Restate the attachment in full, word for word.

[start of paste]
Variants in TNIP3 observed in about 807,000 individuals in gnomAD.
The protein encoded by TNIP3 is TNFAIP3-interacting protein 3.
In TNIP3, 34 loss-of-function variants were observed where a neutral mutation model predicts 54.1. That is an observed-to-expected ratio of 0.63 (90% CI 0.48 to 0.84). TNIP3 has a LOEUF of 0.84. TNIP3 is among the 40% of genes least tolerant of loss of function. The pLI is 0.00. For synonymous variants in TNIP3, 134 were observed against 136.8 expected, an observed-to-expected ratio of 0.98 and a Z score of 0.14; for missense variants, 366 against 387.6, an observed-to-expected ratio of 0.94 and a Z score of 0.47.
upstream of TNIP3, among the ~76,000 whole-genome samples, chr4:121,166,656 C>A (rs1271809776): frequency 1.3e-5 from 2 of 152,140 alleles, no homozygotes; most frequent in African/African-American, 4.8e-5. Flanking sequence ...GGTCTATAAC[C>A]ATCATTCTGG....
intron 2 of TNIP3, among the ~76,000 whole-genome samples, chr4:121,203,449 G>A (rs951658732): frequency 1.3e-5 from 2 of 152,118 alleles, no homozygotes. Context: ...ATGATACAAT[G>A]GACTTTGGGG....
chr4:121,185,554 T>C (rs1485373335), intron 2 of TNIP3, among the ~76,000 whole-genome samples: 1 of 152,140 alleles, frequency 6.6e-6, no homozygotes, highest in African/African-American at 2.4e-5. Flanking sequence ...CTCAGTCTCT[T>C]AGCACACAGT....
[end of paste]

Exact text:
Variants in TNIP3 observed in about 807,000 individuals in gnomAD.
The protein encoded by TNIP3 is TNFAIP3-interacting protein 3.
In TNIP3, 34 loss-of-function variants were observed where a neutral mutation model predicts 54.1. That is an observed-to-expected ratio of 0.63 (90% CI 0.48 to 0.84). TNIP3 has a LOEUF of 0.84. TNIP3 is among the 40% of genes least tolerant of loss of function. The pLI is 0.00. For synonymous variants in TNIP3, 134 were observed against 136.8 expected, an observed-to-expected ratio of 0.98 and a Z score of 0.14; for missense variants, 366 against 387.6, an observed-to-expected ratio of 0.94 and a Z score of 0.47.
upstream of TNIP3, among the ~76,000 whole-genome samples, chr4:121,166,656 C>A (rs1271809776): frequency 1.3e-5 from 2 of 152,140 alleles, no homozygotes; most frequent in African/African-American, 4.8e-5. Flanking sequence ...GGTCTATAAC[C>A]ATCATTCTGG....
intron 2 of TNIP3, among the ~76,000 whole-genome samples, chr4:121,203,449 G>A (rs951658732): frequency 1.3e-5 from 2 of 152,118 alleles, no homozygotes. Context: ...ATGATACAAT[G>A]GACTTTGGGG....
chr4:121,185,554 T>C (rs1485373335), intron 2 of TNIP3, among the ~76,000 whole-genome samples: 1 of 152,140 alleles, frequency 6.6e-6, no homozygotes, highest in African/African-American at 2.4e-5. Flanking sequence ...CTCAGTCTCT[T>C]AGCACACAGT....